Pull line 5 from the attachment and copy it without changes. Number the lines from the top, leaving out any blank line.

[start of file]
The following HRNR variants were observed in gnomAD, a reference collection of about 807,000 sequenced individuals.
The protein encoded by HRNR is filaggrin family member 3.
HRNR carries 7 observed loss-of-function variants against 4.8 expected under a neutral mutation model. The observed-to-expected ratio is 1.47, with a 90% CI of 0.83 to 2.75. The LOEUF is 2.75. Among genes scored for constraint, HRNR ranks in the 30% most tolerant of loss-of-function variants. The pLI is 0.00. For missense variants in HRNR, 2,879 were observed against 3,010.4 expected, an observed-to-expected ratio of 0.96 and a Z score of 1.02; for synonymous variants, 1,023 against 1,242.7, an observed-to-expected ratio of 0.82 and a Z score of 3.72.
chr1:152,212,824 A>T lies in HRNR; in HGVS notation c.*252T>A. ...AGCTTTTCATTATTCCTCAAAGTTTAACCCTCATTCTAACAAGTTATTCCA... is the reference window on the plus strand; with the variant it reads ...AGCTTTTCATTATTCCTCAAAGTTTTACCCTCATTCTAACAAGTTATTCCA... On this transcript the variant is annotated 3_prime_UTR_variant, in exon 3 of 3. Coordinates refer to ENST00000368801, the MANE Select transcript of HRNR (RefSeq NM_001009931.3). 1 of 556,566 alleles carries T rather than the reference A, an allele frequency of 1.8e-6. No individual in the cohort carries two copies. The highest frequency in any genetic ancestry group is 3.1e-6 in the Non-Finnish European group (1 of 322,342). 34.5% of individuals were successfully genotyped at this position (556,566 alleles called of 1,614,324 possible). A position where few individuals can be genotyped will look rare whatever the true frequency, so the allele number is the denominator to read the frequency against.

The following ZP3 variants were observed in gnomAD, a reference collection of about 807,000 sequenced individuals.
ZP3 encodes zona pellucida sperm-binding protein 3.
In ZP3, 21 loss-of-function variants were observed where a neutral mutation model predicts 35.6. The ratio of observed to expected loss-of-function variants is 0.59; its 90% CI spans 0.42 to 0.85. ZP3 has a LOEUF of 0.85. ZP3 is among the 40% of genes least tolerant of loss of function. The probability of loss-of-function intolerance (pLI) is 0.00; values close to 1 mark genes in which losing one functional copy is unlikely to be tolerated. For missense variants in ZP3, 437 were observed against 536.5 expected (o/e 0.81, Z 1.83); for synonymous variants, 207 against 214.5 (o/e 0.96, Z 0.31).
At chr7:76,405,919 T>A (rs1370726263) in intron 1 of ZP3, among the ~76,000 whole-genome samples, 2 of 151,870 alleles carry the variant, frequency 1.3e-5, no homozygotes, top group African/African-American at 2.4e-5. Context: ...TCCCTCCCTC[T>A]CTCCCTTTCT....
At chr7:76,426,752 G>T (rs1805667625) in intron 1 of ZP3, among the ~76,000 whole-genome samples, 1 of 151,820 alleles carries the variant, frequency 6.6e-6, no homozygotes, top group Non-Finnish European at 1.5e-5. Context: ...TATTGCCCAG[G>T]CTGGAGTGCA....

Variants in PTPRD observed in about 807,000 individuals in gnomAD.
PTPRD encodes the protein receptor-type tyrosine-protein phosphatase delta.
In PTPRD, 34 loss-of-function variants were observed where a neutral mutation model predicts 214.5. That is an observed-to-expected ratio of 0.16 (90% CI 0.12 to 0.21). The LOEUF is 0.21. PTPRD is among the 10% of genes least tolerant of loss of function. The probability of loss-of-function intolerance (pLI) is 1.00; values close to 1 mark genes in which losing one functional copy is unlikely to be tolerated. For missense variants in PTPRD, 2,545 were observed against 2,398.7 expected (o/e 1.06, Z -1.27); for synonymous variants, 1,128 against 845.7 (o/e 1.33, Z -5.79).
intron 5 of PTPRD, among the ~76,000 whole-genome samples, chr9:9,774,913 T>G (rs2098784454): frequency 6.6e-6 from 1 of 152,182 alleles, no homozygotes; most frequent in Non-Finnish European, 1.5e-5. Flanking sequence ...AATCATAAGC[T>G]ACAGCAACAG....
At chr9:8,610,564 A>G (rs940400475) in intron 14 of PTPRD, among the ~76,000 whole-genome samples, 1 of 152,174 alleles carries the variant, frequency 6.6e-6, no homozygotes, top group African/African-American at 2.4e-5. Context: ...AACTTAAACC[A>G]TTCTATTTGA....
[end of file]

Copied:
The following ZP3 variants were observed in gnomAD, a reference collection of about 807,000 sequenced individuals.